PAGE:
What's it like to work in a coworking office? Don't ask the Boston Globe, because apparently not all of their writers have ever visited one. Here, the Globe’s Janelle Nanos worries about a potential coworking culture clash with “millennials in hoodies.” I get it; it’s a funny line. But the reality is that the coworking demographic is so much broader than Gen Y Zuckerberg wannabes.
On the other hand, there are some people taking the time to parse what is behind the coworking boom. I was at the beach this weekend and read my copy of the Solo City Report, a joint research project from the Knight Foundation and the Solo Project. Yes, that’s the kind of thing I read on the beach; when I finished it, I read the latest issue of Foreign Policy.
I digress. “In 2007, there were 75 coworking spaces worldwide,” the Solo City Report tells us. “In 2015, there were 7,800.” They go on to describe the trends in the economy and the labor force that are driving the coworking boom. Hint: it’s not a generational thing.
Best of all, they give a lot of advice to cities on how they can better support “soloists” – the freelancers and nano-businesses that are becoming more of a factor, or a more visible factor, in our urban, regional and national economies. It’s worth a read.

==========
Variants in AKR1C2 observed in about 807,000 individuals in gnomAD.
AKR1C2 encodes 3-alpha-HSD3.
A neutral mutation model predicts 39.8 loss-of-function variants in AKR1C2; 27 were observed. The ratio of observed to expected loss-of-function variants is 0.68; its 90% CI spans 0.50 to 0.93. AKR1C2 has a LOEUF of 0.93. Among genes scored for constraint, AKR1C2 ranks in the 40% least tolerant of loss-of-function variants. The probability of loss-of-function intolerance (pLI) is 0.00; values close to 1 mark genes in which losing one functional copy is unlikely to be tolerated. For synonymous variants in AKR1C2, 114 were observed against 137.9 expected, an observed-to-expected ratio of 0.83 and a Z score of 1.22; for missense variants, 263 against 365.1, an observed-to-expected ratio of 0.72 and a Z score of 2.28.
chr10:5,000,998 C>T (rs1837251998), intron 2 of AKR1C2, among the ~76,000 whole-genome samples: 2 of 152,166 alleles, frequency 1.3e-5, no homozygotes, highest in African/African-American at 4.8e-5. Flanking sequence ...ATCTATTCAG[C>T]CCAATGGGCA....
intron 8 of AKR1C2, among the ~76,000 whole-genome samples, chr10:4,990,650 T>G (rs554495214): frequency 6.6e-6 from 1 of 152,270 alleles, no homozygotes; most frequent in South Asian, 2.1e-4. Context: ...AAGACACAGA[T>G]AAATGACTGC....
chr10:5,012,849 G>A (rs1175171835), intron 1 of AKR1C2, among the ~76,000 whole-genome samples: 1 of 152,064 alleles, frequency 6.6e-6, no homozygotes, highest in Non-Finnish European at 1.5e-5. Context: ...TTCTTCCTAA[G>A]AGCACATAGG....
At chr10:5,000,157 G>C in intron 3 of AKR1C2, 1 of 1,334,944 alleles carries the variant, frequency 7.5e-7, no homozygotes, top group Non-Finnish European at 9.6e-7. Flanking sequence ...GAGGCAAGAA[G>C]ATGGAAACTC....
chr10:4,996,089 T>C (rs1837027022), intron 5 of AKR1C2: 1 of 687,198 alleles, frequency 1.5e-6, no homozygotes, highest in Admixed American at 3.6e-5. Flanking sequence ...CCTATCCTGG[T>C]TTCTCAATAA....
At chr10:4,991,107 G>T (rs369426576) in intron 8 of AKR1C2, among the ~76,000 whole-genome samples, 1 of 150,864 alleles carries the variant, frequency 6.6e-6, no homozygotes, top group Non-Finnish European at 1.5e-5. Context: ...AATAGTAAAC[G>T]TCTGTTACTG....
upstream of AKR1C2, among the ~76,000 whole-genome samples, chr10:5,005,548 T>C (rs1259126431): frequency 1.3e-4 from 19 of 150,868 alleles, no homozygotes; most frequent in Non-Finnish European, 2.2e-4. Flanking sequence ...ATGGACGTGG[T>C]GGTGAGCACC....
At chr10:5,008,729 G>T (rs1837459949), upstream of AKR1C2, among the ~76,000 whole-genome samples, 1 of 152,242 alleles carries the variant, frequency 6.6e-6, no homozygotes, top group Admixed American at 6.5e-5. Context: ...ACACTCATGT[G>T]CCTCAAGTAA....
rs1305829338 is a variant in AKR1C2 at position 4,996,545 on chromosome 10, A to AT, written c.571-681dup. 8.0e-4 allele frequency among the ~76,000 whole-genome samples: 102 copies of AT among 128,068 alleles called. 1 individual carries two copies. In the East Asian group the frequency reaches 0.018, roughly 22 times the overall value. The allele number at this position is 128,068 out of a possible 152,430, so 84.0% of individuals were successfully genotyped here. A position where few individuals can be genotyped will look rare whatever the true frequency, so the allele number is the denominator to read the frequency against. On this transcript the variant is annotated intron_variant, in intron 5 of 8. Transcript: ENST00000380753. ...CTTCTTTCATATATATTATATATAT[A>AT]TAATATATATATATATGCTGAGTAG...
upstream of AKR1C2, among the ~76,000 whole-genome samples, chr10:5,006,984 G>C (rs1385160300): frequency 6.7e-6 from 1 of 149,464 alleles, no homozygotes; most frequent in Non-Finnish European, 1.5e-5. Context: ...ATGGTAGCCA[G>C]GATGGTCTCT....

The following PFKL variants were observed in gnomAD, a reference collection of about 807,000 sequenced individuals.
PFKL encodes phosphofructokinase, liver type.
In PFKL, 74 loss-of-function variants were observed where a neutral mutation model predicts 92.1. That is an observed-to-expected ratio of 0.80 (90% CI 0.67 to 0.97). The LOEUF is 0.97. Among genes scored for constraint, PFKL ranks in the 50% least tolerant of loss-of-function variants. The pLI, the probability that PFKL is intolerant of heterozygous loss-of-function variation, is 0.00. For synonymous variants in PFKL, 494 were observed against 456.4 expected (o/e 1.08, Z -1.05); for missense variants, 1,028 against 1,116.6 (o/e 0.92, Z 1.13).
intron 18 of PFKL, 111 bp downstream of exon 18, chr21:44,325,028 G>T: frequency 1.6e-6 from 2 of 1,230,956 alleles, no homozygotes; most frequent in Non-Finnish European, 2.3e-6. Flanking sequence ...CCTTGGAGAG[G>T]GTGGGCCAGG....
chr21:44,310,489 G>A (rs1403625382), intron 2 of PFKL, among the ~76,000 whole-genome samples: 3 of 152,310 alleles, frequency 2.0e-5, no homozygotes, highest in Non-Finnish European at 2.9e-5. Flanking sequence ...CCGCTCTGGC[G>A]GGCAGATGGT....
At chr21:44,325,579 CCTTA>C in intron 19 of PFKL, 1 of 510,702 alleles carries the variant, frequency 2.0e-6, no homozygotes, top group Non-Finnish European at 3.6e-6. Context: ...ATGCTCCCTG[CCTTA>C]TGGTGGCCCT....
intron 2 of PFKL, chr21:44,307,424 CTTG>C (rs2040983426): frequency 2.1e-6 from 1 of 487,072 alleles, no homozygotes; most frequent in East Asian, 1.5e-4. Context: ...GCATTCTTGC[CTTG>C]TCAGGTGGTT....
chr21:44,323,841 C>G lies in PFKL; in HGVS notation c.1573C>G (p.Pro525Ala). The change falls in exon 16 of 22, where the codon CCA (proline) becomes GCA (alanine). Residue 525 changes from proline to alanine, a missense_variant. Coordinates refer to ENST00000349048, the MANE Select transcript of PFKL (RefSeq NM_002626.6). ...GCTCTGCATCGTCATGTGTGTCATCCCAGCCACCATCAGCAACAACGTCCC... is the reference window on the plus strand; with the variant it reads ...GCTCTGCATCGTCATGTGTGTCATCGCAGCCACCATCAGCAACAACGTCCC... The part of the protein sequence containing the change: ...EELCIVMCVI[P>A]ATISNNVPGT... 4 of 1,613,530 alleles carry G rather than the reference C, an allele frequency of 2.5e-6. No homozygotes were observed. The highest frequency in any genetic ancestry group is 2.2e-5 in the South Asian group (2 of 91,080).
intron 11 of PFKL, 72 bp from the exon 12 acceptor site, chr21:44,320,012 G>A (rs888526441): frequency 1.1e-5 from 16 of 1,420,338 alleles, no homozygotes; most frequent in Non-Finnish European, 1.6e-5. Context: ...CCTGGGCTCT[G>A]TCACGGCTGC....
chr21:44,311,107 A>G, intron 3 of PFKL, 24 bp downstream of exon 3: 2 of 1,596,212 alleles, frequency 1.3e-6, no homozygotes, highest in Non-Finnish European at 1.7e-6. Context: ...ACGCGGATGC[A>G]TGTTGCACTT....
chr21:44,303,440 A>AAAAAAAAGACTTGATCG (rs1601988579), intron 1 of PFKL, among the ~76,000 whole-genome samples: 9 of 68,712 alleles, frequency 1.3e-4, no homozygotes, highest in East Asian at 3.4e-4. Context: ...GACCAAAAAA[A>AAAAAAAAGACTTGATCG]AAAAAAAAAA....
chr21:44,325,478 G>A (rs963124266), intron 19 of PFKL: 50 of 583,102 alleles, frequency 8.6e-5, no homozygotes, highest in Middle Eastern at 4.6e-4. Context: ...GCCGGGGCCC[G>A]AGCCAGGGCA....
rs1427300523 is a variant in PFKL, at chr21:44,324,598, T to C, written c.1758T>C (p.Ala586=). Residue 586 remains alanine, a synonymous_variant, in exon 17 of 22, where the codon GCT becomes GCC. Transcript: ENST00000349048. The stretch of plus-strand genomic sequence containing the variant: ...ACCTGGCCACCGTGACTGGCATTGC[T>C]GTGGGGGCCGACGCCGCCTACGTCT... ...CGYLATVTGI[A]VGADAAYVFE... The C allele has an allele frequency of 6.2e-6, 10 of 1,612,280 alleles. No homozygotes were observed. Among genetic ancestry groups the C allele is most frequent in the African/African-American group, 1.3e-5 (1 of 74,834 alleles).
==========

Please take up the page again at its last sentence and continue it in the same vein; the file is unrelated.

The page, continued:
My first official experience with coworking was in 2010 and it turned out to be a test of whether I could survive in a coworking environment.
I was on deadline on my first day and expected to work into the night. I figured getting out of the home office would be good for productivity, so I joined Worbar Boston and hunkered down. Lo and behold, an AmeriCorps program was scheduled to host an alumni holiday party in the space that evening. A few of us still working after 5pm dutifully filed into a conference room to keep working. That’s us in the photo; just outside the door where the photographer was standing was where the AmeriCorps alums setup their impromptu bar.
Then, at 7pm, we had to move again, because another group had reserved the room for a conference call with colleagues in Asia. So I relocated into the open kitchen where noise from the party was omnipresent.
Here’s the thing: I had no problem focusing and I hit my deadline by about 9 or 10, roughly when I had expected. It was a coworking trial by fire to see if I could concentrate in a distracting environment that was pretty much the opposite of my home office. (I would call that an outlier in terms of distractions, in my years of coworking since then.) Turns out it worked fine for me. Oh, and the AmeriCorps group welcomed me to join them for a celebratory round when I was done.
I've been coworking since 2010. which has taught me a few things about making it work. I have a lot left to learn.